Porsche never offered a front-engine car powered by its iconic air-cooled flat-six, but as evidenced by today’s Nice Price or No Dice Mooney you could get that layout in airplane form. Let’s see what this rare piece of Porsche history should appropriately cost.
From what I’ve been told, the official number of cats one may own before being considered a crazy cat lady is three. Also, it should be noted that the term “crazy cat lady” is not gender-bound. Replace cat with car in that phrase and, well, I’ll bet there are quite a few of us who might just be cuckoo for cocoa puffs.
Yesterday’s 2004 Jaguar S-Type R merges those two mental afflictions in one cat-named car that, based on the comments, quite a few of you wouldn’t mind adding to your collections. At $6,500, and in what looked to be very nice shape, it was deemed a Nice Price winner as well, earning a 73 percent vote in the affirmative.
You like Porsches, right? I mean, who doesn’t? That being said, individuals among the cadre of Porsche fans typically fall into one of three primary silos. First off, there’s the old guard that considers anything after the 356 to be impure. Then there’s the group that shuns anything from the company other than air-cooled. Finally, there’s the more egalitarian and accepting group who appreciate anything with the Porsche name and appropriate exhaust growl. For that last group, today we’re looking at a Porsche-powered airplane.
This 1988 Mooney M20L is a unique little slice of history. It takes Mooney’s low-wing, retractable-gear body with its iconic vertical stabilizer design and melds that with a 3.2-liter air-cooled flat-six, derived from the motor of the contemporary Porsche 911.
As a family of light personal aircraft, the Mooney M20 has been wildly successful over the years. First introduced by Mooney International in 1955, the plane has survived economic upswings and downturns, as well as corporate buyouts and plant closures. Remarkably, it remains in limited production today. Over the course of its 65-year life, nearly 10,000 M20s have been built.
Out of that number, a mere 41 were L models, powered by the Porsche PFM 3200. That PFM stood for Porsche Flugmotoren or Porsche Aircraft Engines. The partnership with Mooney to build a Porsche-powered plane was one of PFM’s most notable achievements. At 217 horsepower, the 3.2-litre mill was seven-horses more powerful than the contemporary Continental six the M20 had been using in the prior M20K. It was also appreciably quieter and more fuel-efficient.
So if that’s the case, why didn’t Porsche go on to dominate — or at the very least become a significant player in — the light aircraft arena? The timing was a big issue. The economy in the mid-1980s began to sputter, and that stalled sales of both light aircraft and expensive cars. Porsche needed to regroup around their most profitable business, making cars, and so the PFM3200 project was halted. The next Mooney, the M20M, featured a turbocharged Lycoming engine.
This M20L is one of the 40 built in ’88. A single additional model was constructed in ’89. The plane looks to be in flight-ready shape, although being offered through the miserable Facebook Marketplace, the ad is woefully short on details.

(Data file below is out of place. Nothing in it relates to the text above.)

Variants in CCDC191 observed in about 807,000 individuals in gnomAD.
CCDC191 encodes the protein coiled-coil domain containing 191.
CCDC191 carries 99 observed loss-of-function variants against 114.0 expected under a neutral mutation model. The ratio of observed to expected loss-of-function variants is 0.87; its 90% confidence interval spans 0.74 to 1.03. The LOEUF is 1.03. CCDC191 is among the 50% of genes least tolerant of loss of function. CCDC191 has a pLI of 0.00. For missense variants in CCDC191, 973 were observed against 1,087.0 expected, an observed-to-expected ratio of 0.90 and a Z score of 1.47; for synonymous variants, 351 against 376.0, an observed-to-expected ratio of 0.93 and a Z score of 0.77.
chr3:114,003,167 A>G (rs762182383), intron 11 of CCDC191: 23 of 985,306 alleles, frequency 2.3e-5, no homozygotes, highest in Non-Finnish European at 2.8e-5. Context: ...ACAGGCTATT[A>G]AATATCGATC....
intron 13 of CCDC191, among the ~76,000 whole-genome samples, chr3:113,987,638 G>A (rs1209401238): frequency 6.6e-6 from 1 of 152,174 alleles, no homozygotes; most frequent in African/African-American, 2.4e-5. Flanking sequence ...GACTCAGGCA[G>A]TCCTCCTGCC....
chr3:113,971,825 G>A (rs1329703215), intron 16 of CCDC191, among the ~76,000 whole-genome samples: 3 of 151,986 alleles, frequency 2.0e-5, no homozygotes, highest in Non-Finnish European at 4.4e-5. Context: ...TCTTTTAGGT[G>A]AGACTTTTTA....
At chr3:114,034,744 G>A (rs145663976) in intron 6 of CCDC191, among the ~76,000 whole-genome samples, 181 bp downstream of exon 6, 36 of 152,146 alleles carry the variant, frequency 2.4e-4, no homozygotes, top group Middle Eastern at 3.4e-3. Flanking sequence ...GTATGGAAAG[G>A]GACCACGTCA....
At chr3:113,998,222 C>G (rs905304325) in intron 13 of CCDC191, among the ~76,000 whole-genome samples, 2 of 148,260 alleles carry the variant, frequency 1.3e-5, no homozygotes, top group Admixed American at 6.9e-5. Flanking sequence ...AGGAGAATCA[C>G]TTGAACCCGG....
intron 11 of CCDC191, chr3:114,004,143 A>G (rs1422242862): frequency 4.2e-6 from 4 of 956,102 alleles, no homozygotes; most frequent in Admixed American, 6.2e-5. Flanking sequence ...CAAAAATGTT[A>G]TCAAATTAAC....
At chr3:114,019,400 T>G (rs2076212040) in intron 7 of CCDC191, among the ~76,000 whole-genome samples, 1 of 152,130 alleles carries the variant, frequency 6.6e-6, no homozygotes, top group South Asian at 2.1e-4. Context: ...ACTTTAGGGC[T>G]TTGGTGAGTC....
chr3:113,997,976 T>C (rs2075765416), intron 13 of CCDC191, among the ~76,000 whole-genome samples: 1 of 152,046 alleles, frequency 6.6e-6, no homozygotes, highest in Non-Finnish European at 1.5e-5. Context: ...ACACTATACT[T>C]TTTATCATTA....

It does note that the twin-plug mill has 2,400 hours in its logbook, a measure of usage akin to miles for a car. The SMOH, or time “Since Major Overhaul” is 400 hours. Two-tone paint adorns the exterior, along with the iconic PORSCHE script along the side of the engine nacelle. A three-blade composite propeller leads off the whole shebang.
The interior is custom upholstered in white leather, or leatherette, embossed and stitched with both the Porsche brand and badge. It all looks pretty sweet and VERY ’80s. Of course, this actually being a child of the ’80s, you don’t get big screens on the instrument layout. Nav is usually handled these days by an iPad tool so you still shouldn’t have too much trouble getting acclimated.
The bigger issue with using this Mooney is actually keeping it in the air. Porsche shut down PFM in 1991 and at that time stopped making any replacement or maintenance parts for the 3200. It’s different enough from its car-bound brothers to have a number of unique and very dear parts. There is a small cadre of fans who work together to keep these planes flying, but just know that you will have parts availability issues to deal with on this aircraft.
The asking price is $140,000 Canadian and that works out to about $105,000 U.S. Interestingly, the plane has been on the market for months now with no takers. That could be because older private aircraft are a hard sell in this crazy COVID economy, or simply because no one is skimming Facebook for such fare.
Okay, so this is going to be a tough one for you today. I know that not many of you are fully versed in classic airplane pricing, but that doesn’t mean we still can’t have fun. Go with your gut! What does that gut say? Is $140K in Canuck bucks a good deal for this Porsche-powered plane? Or, does that price leave it hopelessly hanging in the hangar?
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